Posted 31 May 2011 - 10:51 AM
For example, a human has Char_ACC = 0, an elf has Char_ACC = 1;
a sword hit has Move_ACC = 1 and a bow shot has Move_ACC = -1.
We have sword hit rate of 88% for a human and 98% for an elf;
bow hit rate of 12% for a human and 50% for an elf.
The 0.5 + 0.5*tanh(x) formula has exponentially decayed tails, so multiplying modifiers under tanh argument is overkill. Really important is the base value of modifier and its rate of change (and both are small, working area of argument is about [-3;3]). And don't be afraid of the negative values!
Posted 31 May 2011 - 06:42 PM
'}:+()___ [Smile said:
I would totally expect a StudentOfRubber to prefer smooth functions...
Posted 31 May 2011 - 06:56 PM
Don't start from the equations; start from the target player.
Is that player someone who wants to micro-manage stats or someone who wants to role-play? Given the topic, I think the latter would prevail, and forcing the player to be a micromanager will make them bounce away from your game. (Yes, pun intended.)
Posted 31 May 2011 - 10:09 PM
When I wrote out my idea, the var you have as Char_ACC is not a set value for a character class, but a specified stat category of the character using the move. So when you say human may have a Char_ACC of 1, I'm seeing my what-have-you has a Char_ACC of Special_A, which for that character specifically at that point is 137.
This is my first time thinking about formulas, so maybe I'm just being dumb.
Posted 31 May 2011 - 11:56 PM
Posted 01 June 2011 - 12:29 AM
Posted 01 June 2011 - 01:04 AM
Char_ACC = DEX_to_ACC * (Race_DEX + Class_DEX + LV_to_DEX * Level) - Offset
where DEX_to_ACC, LV_to_DEX and Offset are fixed constants. My advice here is to draw a plot of the desired stats behaviour and then fit formula to it.
Posted 01 June 2011 - 02:00 AM
'}:+()___ [Smile said:
"You can bring a horse to water, but you can't make him drink." comes to mind.
People who aren't interested in being made micromanagers simply won't play. That micromanagers will outrun roleplayers won't happen, because the latter won't be there to outrun.
There are also ways to reward roleplayers, if that's what you want to attract, that don't rely on forcing them to wear a shoe that doesn't fit.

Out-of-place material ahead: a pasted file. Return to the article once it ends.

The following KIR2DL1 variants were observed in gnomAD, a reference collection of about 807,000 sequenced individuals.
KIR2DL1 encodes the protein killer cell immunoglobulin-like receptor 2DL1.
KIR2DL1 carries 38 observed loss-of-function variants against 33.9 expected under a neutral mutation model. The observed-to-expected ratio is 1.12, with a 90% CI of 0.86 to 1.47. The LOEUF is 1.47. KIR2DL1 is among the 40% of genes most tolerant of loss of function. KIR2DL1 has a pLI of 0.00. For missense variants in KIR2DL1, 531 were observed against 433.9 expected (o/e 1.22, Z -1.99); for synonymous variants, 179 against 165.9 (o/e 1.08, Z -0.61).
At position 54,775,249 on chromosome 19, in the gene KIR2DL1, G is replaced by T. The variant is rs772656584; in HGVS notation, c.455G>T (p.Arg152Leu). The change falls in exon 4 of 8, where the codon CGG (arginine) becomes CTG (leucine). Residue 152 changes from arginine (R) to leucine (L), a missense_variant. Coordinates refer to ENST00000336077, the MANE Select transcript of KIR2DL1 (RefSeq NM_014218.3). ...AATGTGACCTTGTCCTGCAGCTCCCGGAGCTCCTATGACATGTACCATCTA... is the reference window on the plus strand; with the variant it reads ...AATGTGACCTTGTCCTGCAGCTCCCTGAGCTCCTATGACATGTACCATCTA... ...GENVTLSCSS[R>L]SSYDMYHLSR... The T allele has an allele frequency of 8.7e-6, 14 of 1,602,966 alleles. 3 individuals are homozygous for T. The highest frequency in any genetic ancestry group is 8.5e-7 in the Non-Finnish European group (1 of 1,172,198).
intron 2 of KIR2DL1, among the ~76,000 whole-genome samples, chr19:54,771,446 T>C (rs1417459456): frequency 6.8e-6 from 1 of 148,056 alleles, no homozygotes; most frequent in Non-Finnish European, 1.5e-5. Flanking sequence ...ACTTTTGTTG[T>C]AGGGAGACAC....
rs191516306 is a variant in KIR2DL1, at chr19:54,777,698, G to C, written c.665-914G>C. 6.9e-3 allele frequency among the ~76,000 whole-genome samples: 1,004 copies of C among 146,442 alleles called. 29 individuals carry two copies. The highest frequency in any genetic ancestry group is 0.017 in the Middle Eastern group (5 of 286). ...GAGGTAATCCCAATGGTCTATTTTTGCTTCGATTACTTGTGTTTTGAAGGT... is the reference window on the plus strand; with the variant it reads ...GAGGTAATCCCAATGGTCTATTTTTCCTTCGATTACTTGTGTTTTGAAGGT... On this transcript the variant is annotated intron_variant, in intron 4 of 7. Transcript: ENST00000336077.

Posted 01 June 2011 - 02:45 AM
Most attacks would be average, getting a spread of 5-10% accuracy from game start to game end, while some would be 100% from the get go, and strong moves, or moves that are intended to be risky, would stay risky and low accuracy until the char has ridiculous stats, where at that point, it's normal things would be overkill anyway.
I don't intent for a character to go into a fight with seven moves, ranging from 23% to 1000000% accuracy. Moreso, it would be 65 - 95%, which really isn't bad. I mean, you don't see the math behind it anyway, and the market I'm aiming for don't tend to be younger then, say 30, so they themselves aren't going to worry whether their 25% acc, or their 32% is better.
Posted 10 June 2011 - 01:44 PM
Yes, you need to have your math ducks all lined up before release/playtesting, but at this broad-strokes phase in the design, lets start with what stats are necessary, fun, and what they do.
For example, the discussion has largely been about hit chance, which is probably the least fun statistic in gaming. Few things feel worse than whiffing your haymaker attack and losing.
The only reason hit should enter the equation is either:
a) as an entry barrier to higher-level play, i.e. raiding
b) to prevent lower-level players from being able to kill higher-level players
I think, perhaps a better idea is to figure out what you want your stats to do, then work backwards.
Should better equipped players be able to perform much better than worse equipped players?
Should there be entry barriers to performance to keep the "new" and "well equipped" players largely separated?
What is fun about your stats?
People love crits. I'd throw crit in there of course, which can be dictated by a wide variety of stats based on the character's class, gear, specialization, etc.
People love bigger numbers. Is the player stacking full crit going to outperform the player who stacks nothing but +damage? Is it going to be about even?
I'd recommend backing out and getting a broader scope on the problem than looking straight away at formulae